The world's least elegant, toughest to drive, and most pointless vehicle is indisputably the monowheel. The monowheel also has an equally pointless synonym: motorwheel. The monowheel is a close cousin of an almost equally pointless human-powered vehicle, the unicycle.

Picture, if you will, a thin wheel (or ring shape) roughly as tall as a man, but with a motor and driver inside the circumference of the wheel. No axels, no outer frame, no chassis. No balancing struts, no supporting wheels. Just one big damned wheel. The monowheel is similar in behavior to a much less pointless mode of transportation, a motorcycle, except without the sharp handling, quick acceleration, and clear sight of the road. Some variations exist on the monowheel, most notably the diwheel, which consists of two tall wheels connected between the wheel centers.

Luckily, very few of these excruciatingly pointless devices have ever been made, as every attempt to market the monowheel in the commercial market has been a dismal failure.

Here is a pointless history of the monowheel:

1884

In the middle of the Victorian quest to develop numerous pointless vehicles and devices, someone stumbles upon the idea to make a variation of a unicycle with a pedaling driver contained within the center of a large wheel. Luckily this early monowheel was likely never constructed.

1904

A gasoline engine-powered monowheel is demonstrated by the pointless House of Garavaglia at the Milan Exposition on April 23.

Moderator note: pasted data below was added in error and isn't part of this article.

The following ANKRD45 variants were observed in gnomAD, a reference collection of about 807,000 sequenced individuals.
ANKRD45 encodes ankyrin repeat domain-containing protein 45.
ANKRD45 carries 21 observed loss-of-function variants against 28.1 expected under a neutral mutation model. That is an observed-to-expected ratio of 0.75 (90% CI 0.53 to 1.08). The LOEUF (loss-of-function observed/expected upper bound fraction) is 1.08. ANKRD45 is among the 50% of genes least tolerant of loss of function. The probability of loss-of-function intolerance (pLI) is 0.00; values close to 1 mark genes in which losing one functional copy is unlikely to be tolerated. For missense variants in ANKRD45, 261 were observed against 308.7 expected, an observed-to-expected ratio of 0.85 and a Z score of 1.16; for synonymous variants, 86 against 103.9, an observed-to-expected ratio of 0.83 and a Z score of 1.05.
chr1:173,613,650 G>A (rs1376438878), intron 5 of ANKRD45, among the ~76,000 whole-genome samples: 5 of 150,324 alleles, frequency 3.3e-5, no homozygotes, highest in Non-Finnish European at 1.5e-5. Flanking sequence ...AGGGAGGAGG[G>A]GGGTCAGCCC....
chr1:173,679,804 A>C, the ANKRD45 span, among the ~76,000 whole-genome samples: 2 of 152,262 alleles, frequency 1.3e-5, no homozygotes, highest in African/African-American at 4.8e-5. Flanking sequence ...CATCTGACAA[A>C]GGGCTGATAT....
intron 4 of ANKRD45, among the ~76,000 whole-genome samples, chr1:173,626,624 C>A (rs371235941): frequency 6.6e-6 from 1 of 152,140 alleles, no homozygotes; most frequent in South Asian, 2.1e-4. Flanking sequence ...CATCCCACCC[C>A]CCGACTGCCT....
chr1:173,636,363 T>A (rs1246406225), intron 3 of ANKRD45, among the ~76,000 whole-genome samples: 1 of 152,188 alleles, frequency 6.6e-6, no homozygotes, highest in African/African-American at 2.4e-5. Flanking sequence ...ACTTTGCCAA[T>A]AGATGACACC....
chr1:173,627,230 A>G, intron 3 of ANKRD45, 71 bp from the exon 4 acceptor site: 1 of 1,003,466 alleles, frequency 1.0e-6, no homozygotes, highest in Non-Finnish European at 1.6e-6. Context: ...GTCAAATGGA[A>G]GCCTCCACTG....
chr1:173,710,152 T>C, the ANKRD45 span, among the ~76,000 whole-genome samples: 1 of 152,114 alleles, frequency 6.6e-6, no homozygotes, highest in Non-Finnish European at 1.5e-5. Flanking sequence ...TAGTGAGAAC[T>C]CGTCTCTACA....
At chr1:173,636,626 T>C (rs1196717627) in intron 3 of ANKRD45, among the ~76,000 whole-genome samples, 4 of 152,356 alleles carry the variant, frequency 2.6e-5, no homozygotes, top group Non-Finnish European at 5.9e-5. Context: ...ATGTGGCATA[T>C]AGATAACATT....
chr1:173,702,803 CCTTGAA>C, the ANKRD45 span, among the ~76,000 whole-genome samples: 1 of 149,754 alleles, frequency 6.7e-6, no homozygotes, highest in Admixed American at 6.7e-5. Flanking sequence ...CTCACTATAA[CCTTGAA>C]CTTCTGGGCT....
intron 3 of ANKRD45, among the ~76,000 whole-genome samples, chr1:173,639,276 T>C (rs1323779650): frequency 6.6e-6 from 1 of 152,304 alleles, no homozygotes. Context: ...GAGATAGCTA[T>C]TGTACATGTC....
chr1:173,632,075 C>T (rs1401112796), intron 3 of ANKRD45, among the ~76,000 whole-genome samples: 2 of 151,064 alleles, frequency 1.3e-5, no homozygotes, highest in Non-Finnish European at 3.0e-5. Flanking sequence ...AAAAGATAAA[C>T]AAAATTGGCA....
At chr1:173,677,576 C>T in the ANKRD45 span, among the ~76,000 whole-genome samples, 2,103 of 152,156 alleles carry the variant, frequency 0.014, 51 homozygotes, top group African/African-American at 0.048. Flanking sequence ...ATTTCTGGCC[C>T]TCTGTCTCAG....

1923

A pointless former electrician by name of Davide Cislaghi shows off a new monowheel design. His adds better brakes and a steering wheel, though the source claims that he accomplished turning by leaning to either side.

1926

A step forward and a step backward: Parisian M. Trual creates a pointless new form of monowheel called a gyrocycle. It consists of a driver seated at equilibrium at the center; however, it is a pedal-powered machine.

1931

A Swiss engineer named Gerdes attempts to drive his monowheel from Arles, France to Spain. You'll have to make your own assumptions as to the fate of this pointless man as there was no follow-up on the results of his journey.

1932

One of the more pointless monowheel variations is the Weston-super-Mare Dynosphere. Interestingly, Wilson Sports has introduced a shoe claiming to utilize "DynoSphereTM" technology for sole cushioning, though pointlessly the shoe incorporates no obvious elements of the Dynosphere.

1936

Nilsson Wilson utterly pointless copycat monowheel is published in the 1936 book The Spirit of the Motorcycle.

1937

The U.S. Patent Office pointlessly grants Julius Rose a patent on his monowheel variant. Rose's ingeniously pointless design adds front and rear wheels to prevent what is known as gerbiling (the tendency of the driver to rotate inside of the monowheel by acceleration or braking).

1970s